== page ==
Innovation and Technology at The Ottawa Hospital

Innovation is at the core of what we do – developing treatments and providing patient care that is second to none.

We’re developing apps to help our patients take control of their health. Our Medical 3D Printing Program is revolutionizing the way we plan surgeries. Our DNA sequencer is helping us personalize cancer treatment. We are performing precision robotic surgeries using the da Vinci Surgical System. We are vapourizing brain tumours with the CyberKnife, and leading the way in radiotherapy for breast cancer with the only GammaPod in Canada. Using this latest state-of-the-art technology is how we deliver 21st century health care right here in Ottawa.

Innovative treatments and technologies changing lives today

Dr. Adnan Sheikh (left) and Dr. Frank Rybicki
mHealth
cyberknife

Pierre MattarZapping cells with electricity to uncover the retina’s secrets 

Imagine thousands of volts of electricity zipping over just a few millimetres. That’s how Dr. Pierre Mattar and his team will push genes and other large molecules into cells, using a nifty tool called an electroporator




Stem cells stop MS in its tracks

A clinical trial shows for the first time that an intensive procedure involving stem cells and chemotherapy can stop the damage that leads to MS, and even allow repair in some cases. Some patients in the trial now have no signs of the disease.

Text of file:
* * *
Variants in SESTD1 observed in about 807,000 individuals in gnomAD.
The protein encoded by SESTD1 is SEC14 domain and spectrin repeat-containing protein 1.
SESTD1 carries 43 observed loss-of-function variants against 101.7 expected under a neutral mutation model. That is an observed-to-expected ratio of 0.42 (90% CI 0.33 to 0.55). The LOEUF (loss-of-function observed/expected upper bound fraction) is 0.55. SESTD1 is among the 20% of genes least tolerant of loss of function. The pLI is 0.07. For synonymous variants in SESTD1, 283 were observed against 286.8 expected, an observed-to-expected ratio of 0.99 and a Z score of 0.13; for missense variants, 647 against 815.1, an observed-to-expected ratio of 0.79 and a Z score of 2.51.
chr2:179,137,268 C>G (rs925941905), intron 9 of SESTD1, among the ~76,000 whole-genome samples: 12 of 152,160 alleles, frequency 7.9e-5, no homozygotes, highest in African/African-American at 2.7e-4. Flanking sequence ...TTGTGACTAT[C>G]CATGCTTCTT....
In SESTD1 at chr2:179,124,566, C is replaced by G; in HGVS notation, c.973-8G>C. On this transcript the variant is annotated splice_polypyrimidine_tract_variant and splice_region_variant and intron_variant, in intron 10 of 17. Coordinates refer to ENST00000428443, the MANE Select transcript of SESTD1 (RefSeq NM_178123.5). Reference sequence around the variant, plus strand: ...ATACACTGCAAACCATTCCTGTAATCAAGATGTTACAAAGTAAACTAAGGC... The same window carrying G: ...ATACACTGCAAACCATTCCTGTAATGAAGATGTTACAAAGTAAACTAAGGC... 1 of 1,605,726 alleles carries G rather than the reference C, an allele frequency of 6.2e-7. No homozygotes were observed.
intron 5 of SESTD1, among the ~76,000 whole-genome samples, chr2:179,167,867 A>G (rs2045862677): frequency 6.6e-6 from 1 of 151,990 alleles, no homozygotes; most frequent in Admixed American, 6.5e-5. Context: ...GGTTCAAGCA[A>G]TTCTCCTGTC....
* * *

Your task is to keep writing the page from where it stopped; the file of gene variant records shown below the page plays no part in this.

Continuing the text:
3D printing our way to better healthcare: a Canadian first


Innovative computer tablet could help stroke patients recover

Stroke patients at The Ottawa Hospital are using a mobile computer tablet for recovery in between treatments and tests.

Personalized medicine leads to lung cancer breakthrough

An international clinical trial led by researchers at The Ottawa Hospital shows that 70 percent of lung cancer patients with a specific mutation responded to a new therapy. The therapy has now been approved for general use.

Stopping Parkinson’s tremors

Deep brain stimulation is helping improve quality of life for patients with more advanced cases of Parkinson’s disease.